Constraint Solver Techniques for Implementing Precise and Scalable Static Program Analysis

Ye Zhang

    Research output: Book/ReportPh.D. thesisResearch

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    Abstract

    As people rely on all kinds of software systems for almost every aspect of their lives, how to ensure the reliability of software is becoming more and more important. Program analysis, therefore, becomes more and more important for the software development process. Static program analysis helps developers to build reliable software systems more quickly and with fewer bugs or security defects. While designing and implementing a program analysis remains a hard work, making it both scalable and precise is even more challenging. In this dissertation, we show that with a general inclusion constraint solver using unification we could make a program analysis easier to design and implement, much more scalable, and still as precise as expected. We present an inclusion constraint language with the explicit equality constructs for specifying program analysis problems, and a parameterized framework for tuning a constraint system. Implementing an analysis is simplified as generating a set of constraints to be complied with. The equality constraints specifies equivalent analysis variables and thereby could be taken advantage of by a constraint solver to reduce a problem space and improve performance. We show a good balance between performance and precision could be achieved with the framework. We also introduce off-line optimizations for a general constraint solver. The optimizations automatically efficiently detect (potential) equivalent classes. With our case studies on a C pointer analysis, and two data flow analyses for C language, we demonstrate a large amount of equivalences could be detected by off-line analyses, and they could then be used by a constraint solver to significantly improve the scalability of an analysis without sacrificing any precision.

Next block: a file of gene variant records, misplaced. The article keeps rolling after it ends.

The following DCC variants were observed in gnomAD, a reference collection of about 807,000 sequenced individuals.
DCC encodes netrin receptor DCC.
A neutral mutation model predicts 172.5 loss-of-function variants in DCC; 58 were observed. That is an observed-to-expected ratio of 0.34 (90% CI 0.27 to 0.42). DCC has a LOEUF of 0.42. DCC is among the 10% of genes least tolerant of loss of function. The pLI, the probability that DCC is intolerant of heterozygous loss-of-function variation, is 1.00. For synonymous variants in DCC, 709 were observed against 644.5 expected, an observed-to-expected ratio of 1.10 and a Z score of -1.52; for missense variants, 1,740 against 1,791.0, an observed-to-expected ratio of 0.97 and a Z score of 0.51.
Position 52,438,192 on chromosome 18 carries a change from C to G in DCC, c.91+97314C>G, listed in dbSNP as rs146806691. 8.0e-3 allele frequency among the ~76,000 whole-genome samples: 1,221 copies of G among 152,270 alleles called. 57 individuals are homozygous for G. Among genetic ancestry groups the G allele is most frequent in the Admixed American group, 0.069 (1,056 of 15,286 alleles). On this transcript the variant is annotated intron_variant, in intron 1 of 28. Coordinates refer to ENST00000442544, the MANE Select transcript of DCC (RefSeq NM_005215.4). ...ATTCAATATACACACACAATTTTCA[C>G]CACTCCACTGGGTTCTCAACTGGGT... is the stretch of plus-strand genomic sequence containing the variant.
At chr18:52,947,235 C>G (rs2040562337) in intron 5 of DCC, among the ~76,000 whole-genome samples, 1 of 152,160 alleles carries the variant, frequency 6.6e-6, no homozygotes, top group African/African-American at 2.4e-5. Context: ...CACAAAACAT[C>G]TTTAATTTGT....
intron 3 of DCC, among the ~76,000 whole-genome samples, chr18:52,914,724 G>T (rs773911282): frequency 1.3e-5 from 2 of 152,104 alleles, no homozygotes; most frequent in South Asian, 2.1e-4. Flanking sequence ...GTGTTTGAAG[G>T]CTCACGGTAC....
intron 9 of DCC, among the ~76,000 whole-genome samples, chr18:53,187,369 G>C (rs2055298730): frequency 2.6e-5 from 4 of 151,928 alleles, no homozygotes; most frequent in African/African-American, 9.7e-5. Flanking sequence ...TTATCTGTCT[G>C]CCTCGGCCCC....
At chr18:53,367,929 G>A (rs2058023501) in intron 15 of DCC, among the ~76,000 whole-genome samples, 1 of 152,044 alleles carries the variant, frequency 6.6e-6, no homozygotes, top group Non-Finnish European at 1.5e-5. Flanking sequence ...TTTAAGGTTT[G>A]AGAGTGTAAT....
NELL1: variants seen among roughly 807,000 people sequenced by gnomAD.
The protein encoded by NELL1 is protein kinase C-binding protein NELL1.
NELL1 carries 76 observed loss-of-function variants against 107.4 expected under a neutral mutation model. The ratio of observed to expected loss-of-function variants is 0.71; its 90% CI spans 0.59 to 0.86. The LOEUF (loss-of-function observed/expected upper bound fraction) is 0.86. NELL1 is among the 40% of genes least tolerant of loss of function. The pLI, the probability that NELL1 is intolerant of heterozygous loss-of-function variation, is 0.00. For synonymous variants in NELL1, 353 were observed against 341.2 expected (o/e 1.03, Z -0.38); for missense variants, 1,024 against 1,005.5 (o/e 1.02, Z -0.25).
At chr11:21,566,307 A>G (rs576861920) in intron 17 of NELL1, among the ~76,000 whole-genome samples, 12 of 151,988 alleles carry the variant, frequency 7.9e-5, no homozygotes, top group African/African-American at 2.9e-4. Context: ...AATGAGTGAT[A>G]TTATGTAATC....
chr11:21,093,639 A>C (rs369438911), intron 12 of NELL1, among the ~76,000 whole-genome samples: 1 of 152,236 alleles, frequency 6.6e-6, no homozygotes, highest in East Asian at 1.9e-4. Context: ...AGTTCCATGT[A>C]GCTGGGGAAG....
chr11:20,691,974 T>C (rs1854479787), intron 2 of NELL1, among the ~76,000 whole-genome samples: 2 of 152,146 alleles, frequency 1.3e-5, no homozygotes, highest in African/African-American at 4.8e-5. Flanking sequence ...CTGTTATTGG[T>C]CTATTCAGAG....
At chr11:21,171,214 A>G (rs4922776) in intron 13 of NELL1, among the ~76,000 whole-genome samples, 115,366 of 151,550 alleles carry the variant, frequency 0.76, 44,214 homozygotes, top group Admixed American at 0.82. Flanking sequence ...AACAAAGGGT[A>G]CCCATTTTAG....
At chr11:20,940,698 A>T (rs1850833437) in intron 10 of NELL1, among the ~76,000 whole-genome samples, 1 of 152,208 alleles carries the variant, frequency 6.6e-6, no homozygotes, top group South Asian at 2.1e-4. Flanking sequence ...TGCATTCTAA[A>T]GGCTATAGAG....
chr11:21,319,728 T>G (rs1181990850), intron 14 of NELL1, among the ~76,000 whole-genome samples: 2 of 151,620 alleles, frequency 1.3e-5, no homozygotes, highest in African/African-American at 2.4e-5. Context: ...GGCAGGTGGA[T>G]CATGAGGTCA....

Original languageEnglish
    Place of PublicationKgs. Lyngby, Denmark
    PublisherTechnical University of Denmark
    Publication statusPublished - Mar 2009
    SeriesIMM-PHD-2008-211

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